Pre-recording conference talks
May 11, 2021
Most of the conference talks I’ve given this year have not only been online, but also pre-recorded. I went into the reasons for having pre-recorded talks previously, as well as the pros and cons of doing so, so this post will focus on how I’ve done it in my talks so far.
One thing to bear in mind is that this is how I’ve experienced pre-recording having been giving talks in person for many years.
The personal experience
It’s no secret that performing a talk into your computer is completely different from doing so in person. One part I’ve struggled with is that lack of eye-contact with the audience. Being able to see their reactions to parts of my talks, or even a chuckle at my silly jokes. Talking to a computer is not quite the same.
There’s still the fact that I’m talking to folks live, however! Knowing that folks are tuned in has, over time, help me stay convinced stuff is still happening as an active conversation. After trying out proper streaming recently, I’ve gotten a lot more comfortable talking to a chat. Like anything, it’s practise!
Doing so to a video recording on the other hand is a whole other feeling too, and likely a matter of practising as well.
That said, I have a high appreciation for the opportunity to be able to create this kind of content at home! It gives folks who wouldn’t otherwise be able to attend such events the opportunity to contribute.
So let’s talk hardware! Here’s my setup:
Precise models are listed in the following sections.
I’ve stuck mostly to recording on my Windows 10 desktop machine, where I’ve got a 720p-resolution Logitech Webcam. One or two conferences have asked that I provide HD 1080p resolution video, but since that includes slides and my face is normally only a part of the video feed, something with a higher resolution wasn’t necessary.
Most laptops (at least MacBooks, as far as I know) nowadays should have a 720p or close camera on them, which if you’ll be recording your slides as well as your face should be more than enough.
Below are some options I’ve considered for recording my speaking audio.
Built-in MacBook microphone
Given our experience with accepting pre-recorded talks, I feel that in order to deliver a decent-quality audio experience, the microphone built into a laptop can be disruptive due to factors like typing or the fans on the machine. Another issue is that the quality of the voice audio tends to depend on how close the speaker is to the microphone itself, so standing at arms’ length can really be a hindrance.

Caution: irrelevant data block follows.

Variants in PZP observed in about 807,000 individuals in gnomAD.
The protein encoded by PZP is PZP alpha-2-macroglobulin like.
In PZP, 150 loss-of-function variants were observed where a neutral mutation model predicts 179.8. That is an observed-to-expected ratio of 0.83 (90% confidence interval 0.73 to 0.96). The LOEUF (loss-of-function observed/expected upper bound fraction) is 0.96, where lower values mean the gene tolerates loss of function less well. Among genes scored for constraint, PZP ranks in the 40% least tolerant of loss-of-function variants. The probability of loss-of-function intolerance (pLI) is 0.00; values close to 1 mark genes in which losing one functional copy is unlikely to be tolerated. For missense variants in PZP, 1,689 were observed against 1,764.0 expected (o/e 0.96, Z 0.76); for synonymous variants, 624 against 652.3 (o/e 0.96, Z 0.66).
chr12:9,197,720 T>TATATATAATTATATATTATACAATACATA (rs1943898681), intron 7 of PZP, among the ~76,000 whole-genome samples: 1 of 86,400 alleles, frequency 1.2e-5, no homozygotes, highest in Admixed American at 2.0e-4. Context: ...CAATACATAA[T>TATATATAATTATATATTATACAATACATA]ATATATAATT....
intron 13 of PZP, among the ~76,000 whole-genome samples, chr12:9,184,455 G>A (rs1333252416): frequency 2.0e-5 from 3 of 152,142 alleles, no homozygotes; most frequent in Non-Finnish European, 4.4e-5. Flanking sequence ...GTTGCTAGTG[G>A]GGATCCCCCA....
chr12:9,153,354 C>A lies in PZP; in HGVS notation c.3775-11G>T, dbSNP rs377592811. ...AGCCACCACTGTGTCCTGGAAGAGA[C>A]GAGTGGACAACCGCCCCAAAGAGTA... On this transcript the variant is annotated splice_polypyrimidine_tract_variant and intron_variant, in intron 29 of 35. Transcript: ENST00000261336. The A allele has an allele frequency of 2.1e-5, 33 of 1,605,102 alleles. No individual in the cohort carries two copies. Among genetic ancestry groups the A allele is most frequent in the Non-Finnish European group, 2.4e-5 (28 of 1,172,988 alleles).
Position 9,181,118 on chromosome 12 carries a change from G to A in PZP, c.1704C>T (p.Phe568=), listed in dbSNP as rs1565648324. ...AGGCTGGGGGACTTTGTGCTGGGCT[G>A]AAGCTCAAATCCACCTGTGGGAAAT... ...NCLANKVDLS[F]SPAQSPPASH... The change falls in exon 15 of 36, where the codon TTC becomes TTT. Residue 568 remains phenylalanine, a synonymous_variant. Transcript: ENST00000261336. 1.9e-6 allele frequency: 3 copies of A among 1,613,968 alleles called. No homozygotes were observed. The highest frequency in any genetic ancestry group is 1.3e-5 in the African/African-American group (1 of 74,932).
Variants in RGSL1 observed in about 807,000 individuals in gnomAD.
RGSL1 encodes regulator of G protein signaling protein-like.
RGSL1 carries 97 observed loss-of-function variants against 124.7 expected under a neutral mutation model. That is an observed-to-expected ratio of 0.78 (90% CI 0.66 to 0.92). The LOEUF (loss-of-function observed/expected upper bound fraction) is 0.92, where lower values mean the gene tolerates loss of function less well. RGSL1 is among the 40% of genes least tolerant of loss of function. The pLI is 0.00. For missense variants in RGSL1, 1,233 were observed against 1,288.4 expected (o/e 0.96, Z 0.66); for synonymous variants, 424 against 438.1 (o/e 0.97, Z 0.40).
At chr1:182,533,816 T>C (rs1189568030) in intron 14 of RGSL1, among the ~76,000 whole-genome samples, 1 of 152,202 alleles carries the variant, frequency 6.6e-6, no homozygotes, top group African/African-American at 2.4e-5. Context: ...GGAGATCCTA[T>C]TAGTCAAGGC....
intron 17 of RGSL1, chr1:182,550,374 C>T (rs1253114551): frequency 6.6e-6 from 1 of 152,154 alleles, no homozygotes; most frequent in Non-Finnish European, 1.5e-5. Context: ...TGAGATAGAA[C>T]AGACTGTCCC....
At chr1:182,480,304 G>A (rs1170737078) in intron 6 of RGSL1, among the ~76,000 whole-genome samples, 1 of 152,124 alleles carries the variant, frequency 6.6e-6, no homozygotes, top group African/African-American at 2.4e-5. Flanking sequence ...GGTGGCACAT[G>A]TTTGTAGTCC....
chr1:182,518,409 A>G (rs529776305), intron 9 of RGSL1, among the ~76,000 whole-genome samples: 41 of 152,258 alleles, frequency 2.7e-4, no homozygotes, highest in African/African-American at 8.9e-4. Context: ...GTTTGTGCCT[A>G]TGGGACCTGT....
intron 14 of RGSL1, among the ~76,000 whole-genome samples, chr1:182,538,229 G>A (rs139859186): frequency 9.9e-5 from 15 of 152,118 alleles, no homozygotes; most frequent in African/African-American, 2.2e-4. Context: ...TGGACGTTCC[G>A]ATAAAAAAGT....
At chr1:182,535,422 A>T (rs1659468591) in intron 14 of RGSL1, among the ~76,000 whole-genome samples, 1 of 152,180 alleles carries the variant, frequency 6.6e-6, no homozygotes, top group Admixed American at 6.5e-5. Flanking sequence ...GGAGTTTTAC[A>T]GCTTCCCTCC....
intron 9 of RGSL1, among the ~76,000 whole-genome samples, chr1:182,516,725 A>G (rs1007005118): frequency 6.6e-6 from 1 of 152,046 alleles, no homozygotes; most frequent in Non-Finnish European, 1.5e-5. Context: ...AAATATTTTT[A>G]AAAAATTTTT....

Headphones (headset, pods, buds, what have you)
I’ve found that talks delivered with a microphone close to the speaker goes a long way toward having good audio quality!
I ultimately went with a Rode NT-USB microphone, costing me about EUR 170.-
It did the trick as far as audio quality went, and the included pop filter made me a lot more comfortable!
It does have to be said that I’m using this microphone for podcasting as well, so it’s important to weigh this as a factor.
Getting plenty of balanced light on your face for your talk is pretty important for your visibility onscreen, so going for good natural light or investing in good lighting gear helps! In the past, I’ve tended more towards the former, but lately a friend of mine pointed me towards a more costly solution which is the Elgato Ring Light.
Your mileage may vary depending on what kind of light you get and what your preference is. Here’s how the difference looks for me without the light on the left and with it on the right. Both pictures were taken at night with the room’s light on:
The difference might be subtle, but it makes me happy to have an even light on my face!
Alright! Let’s talk software.
When I spoke at Future Sync online year, this was the first time I had to pre-record a talk! They very kindly provided a walkthrough for recording my talk using the open source software OBS. They recommended to use 3 sources:
- Window capture for my slides
- Video capture for my webcam
- Audio capture for my microphone
Here it is in action:
By clicking on “Start recording”, I can immediately start recording!
For more info getting into OBS, I can totally recommend their guides.
It’s gonna happen. It happens to us all the time! When giving a talk, I’ll say the wrong thing and have to correct myself briefly, or go to the next slide too early, or jumble my words, or pause awkwardly for a second. The temptation to cut that out of the video is strong.
When I initially would deal with these slip-ups, I wasn’t well-experienced with dealing with video, and didn’t consider editing them. So what would I do if I considered a slip-up egregious enough to warrant intervening in the recoridng? Why, start over!
And what if, you may ask, the talk was long? I realise this can be extremely time-consuming. Nowadays, I’ve been using some open source video-editing software like OpenShot for editing our podcast episodes and have gotten comfortable with having a minor edit here and there to make the video experience a little smoother.
Over time, however, I’ve grown more comfortable with leaving these minor slip-ups in the talk recording. Like I said at the beginning of this section, these are natural in live conference talks, and can totally happen while recording! After all, you’re kinda recording “live”, in a way 😅.
The thing to definitely bear in mind is that our experiences pre-recording talks is unique to us.
I’ve been using OBS more for streaming lately, and getting quite comfortable with it. I could try using this to have more of an opportunity to have distinct cuts in my talks as well as different screen layouts! I don’t necessarily need to be in the corner, I can be next to my slides, or around them!
I’d love to hear what you’re trying when pre-recording talks, too!Buy me a coffee @hola_soy_milk